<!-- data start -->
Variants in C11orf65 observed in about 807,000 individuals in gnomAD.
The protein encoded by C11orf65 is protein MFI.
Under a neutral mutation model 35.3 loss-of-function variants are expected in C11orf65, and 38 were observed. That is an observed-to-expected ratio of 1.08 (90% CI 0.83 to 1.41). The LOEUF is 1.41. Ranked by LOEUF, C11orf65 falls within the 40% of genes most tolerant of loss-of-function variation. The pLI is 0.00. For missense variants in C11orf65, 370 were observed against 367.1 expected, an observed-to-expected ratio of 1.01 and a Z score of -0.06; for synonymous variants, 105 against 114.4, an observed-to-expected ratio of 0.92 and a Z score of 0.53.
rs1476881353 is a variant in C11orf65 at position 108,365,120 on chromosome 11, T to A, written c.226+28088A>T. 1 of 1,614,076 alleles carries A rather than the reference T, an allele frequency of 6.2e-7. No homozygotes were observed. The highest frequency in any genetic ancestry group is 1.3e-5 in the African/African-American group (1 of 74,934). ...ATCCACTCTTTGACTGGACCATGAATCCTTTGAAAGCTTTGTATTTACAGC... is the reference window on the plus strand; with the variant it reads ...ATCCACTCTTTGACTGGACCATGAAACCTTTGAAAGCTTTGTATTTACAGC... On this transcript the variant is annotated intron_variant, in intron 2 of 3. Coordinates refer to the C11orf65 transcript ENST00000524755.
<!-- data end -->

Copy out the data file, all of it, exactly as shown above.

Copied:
Variants in C11orf65 observed in about 807,000 individuals in gnomAD.
The protein encoded by C11orf65 is protein MFI.
Under a neutral mutation model 35.3 loss-of-function variants are expected in C11orf65, and 38 were observed. That is an observed-to-expected ratio of 1.08 (90% CI 0.83 to 1.41). The LOEUF is 1.41. Ranked by LOEUF, C11orf65 falls within the 40% of genes most tolerant of loss-of-function variation. The pLI is 0.00. For missense variants in C11orf65, 370 were observed against 367.1 expected, an observed-to-expected ratio of 1.01 and a Z score of -0.06; for synonymous variants, 105 against 114.4, an observed-to-expected ratio of 0.92 and a Z score of 0.53.
rs1476881353 is a variant in C11orf65 at position 108,365,120 on chromosome 11, T to A, written c.226+28088A>T. 1 of 1,614,076 alleles carries A rather than the reference T, an allele frequency of 6.2e-7. No homozygotes were observed. The highest frequency in any genetic ancestry group is 1.3e-5 in the African/African-American group (1 of 74,934). ...ATCCACTCTTTGACTGGACCATGAATCCTTTGAAAGCTTTGTATTTACAGC... is the reference window on the plus strand; with the variant it reads ...ATCCACTCTTTGACTGGACCATGAAACCTTTGAAAGCTTTGTATTTACAGC... On this transcript the variant is annotated intron_variant, in intron 2 of 3. Coordinates refer to the C11orf65 transcript ENST00000524755.